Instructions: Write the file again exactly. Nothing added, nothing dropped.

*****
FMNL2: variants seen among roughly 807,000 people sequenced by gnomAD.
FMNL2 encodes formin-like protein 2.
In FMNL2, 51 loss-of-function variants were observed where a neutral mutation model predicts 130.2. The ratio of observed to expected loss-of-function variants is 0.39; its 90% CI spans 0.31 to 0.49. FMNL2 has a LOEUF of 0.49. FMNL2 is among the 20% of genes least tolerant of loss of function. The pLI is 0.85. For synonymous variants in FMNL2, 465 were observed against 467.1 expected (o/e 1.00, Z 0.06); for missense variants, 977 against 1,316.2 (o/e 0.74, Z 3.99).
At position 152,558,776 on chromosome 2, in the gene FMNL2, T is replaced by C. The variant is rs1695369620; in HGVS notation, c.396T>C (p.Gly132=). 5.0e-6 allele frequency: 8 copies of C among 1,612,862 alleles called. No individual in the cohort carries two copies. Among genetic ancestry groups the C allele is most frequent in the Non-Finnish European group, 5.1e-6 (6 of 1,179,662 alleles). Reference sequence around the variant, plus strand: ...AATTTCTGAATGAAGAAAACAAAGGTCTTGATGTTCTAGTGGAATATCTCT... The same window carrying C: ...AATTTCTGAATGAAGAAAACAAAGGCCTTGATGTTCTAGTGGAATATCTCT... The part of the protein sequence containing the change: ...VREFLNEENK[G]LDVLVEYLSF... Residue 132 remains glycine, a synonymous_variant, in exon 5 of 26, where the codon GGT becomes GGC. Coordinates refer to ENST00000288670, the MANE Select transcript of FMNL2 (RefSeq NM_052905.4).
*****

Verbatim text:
FMNL2: variants seen among roughly 807,000 people sequenced by gnomAD.
FMNL2 encodes formin-like protein 2.
In FMNL2, 51 loss-of-function variants were observed where a neutral mutation model predicts 130.2. The ratio of observed to expected loss-of-function variants is 0.39; its 90% CI spans 0.31 to 0.49. FMNL2 has a LOEUF of 0.49. FMNL2 is among the 20% of genes least tolerant of loss of function. The pLI is 0.85. For synonymous variants in FMNL2, 465 were observed against 467.1 expected (o/e 1.00, Z 0.06); for missense variants, 977 against 1,316.2 (o/e 0.74, Z 3.99).
At position 152,558,776 on chromosome 2, in the gene FMNL2, T is replaced by C. The variant is rs1695369620; in HGVS notation, c.396T>C (p.Gly132=). 5.0e-6 allele frequency: 8 copies of C among 1,612,862 alleles called. No individual in the cohort carries two copies. Among genetic ancestry groups the C allele is most frequent in the Non-Finnish European group, 5.1e-6 (6 of 1,179,662 alleles). Reference sequence around the variant, plus strand: ...AATTTCTGAATGAAGAAAACAAAGGTCTTGATGTTCTAGTGGAATATCTCT... The same window carrying C: ...AATTTCTGAATGAAGAAAACAAAGGCCTTGATGTTCTAGTGGAATATCTCT... The part of the protein sequence containing the change: ...VREFLNEENK[G]LDVLVEYLSF... Residue 132 remains glycine, a synonymous_variant, in exon 5 of 26, where the codon GGT becomes GGC. Coordinates refer to ENST00000288670, the MANE Select transcript of FMNL2 (RefSeq NM_052905.4).